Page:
Objections related to climbers' safety, hazards to those crossing the bridge below and the possibility of damage to the 1,600-ft span, an international heritage site. But one by one these obstructions were countered or accommodated, and the result is not just an exhilarating ascent; it is a lesson in ingenuity and enthusiasm.
Climbers are not allowed to carry anything on to the bridge - not even a wristwatch - in case it falls on to the traffic below or the tourist-thronged harbourside.
Spectacles are secured to the special one-piece nylon jumpsuit which everyone wears. This is coloured so as to help camouflage you against the bridge and zips up at the back to prevent you getting at anything you did sneak into your pockets.
To ensure no one falls off, a continuous safety wire runs the whole length of the climb, cunningly attached to ensure it has no permanent effect on the bridge fabric. In groups of half a dozen, climbers are harnessed to this endless cable. Whether it is just to ensure we get this right or to put a bit of steel into our own nerves, we first practise the procedures for hooking-on on a bridge simulator, which is duly shaken to reproduce the effect of trains. Meanwhile Julie, our climb leader, introduces us to the earpieces through which she will keep up a stream of hearty encouragement during the two-hour traverse.
Julie is a strapping young Tasmanian oozing confidence and enthusiasm. Suitably innoculated with some of this, we are soon clipping on and making our way along the narrow catwalk slung 100 feet or so beneath the bridge approaches. A steep climb up a steel ladder takes us up beyond the pair of granite towers which decorate each end of the bridge. From here we begin what in all honesty is the fairly gentle slope of the main arch (my native South Downs are much steeper) to the flagpole at the summit.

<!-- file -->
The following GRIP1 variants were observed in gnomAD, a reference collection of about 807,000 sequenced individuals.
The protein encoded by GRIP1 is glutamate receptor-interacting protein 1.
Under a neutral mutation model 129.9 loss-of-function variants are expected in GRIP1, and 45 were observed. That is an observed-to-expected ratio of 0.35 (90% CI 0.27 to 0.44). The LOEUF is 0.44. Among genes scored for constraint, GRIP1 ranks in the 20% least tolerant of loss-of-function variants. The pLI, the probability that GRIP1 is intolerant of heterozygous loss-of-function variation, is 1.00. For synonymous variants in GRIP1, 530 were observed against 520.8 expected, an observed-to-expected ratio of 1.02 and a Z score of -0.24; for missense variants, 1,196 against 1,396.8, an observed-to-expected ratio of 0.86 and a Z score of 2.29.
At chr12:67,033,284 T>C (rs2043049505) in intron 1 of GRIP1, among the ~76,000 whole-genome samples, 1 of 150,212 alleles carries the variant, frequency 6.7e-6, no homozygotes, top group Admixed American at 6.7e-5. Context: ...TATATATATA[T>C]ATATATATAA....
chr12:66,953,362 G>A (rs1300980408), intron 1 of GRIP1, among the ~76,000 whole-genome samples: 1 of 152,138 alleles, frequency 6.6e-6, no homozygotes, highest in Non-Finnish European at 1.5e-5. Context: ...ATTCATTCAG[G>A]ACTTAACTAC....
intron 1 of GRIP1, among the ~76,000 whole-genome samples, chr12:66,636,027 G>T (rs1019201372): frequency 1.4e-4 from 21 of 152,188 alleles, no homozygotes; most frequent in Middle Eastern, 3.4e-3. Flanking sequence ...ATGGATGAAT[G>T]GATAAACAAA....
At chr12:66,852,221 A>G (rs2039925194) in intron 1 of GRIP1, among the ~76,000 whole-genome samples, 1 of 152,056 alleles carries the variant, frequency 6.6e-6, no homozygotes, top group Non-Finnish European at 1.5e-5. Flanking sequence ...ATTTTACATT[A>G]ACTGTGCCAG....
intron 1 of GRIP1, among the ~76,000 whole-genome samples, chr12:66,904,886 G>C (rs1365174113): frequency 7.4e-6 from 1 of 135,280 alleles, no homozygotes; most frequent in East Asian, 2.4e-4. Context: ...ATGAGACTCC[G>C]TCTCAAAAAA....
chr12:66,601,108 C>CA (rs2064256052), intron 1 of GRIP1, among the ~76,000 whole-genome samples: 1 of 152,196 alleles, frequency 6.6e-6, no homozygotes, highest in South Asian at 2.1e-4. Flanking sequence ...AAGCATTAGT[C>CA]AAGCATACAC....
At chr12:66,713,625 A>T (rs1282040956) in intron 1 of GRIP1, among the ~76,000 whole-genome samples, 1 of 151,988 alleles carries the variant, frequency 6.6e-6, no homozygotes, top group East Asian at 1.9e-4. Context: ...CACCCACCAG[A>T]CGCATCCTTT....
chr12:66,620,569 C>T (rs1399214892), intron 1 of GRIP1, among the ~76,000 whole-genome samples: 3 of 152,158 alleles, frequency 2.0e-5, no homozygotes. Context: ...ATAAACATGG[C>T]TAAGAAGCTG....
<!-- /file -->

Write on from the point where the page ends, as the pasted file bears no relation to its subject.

Here the irrepressible Julie produces a digital camera and takes individual pictures carefully framed to include the nearby Opera House. And do we have any questions?
By this time Julie has told us just about everything we might want to know about the epic construction (built between 1923 and 1932), held a quiz about the number of rivets and marvelled at the whole half-day's holiday declared when the two halves of the arch first met in the middle (only in fact to part again that night when they cooled down and the bridge contracted).
Australians are unashamedly proud of their country and achievements. The national pride is evident in their enthusiastic celebration of Australia Day, support for their sporting teams and the way they honour their fallen and veteran armed forces, including those who served in Vietnam. In return, however, they do not appreciate our more self-deprecating style which they see as "running down yer country". And I discover that the top of Sydney Harbour Bridge is not the place to ask where all the steel came from. "Here we go..." mutters the otherwise ever-cheerful Julie. The words "whingeing" and "Pom" hang unspoken in the wind.
Apparently, the steel was all shipped out from Britain. And (purely for the factual record, you understand) after an international competition the design chosen for the bridge was one modelled on the steel arch spanning the Tyne in Newcastle.
The view from the top ... well, given that this is a bridge, the view from the top is mostly of water. And not just of that lying in the harbour, because wending its way in from the sea, through the famous Heads at the harbour entrance, is a squall. And like our hapless cricketers, I am soon saved from any further onslaught from the enthusiastic Tasmanian by the rain. We struggle into cagoules, which is a bit awkward since like everything else we carry they are already firmly attached to us.
Squelching back to base, we fill in our evaluations of the climb and its leader. I write on mine, (and not just because I have a thing about dominant women): "Outstanding leader. I'd follow that Julie anywhere." And I would.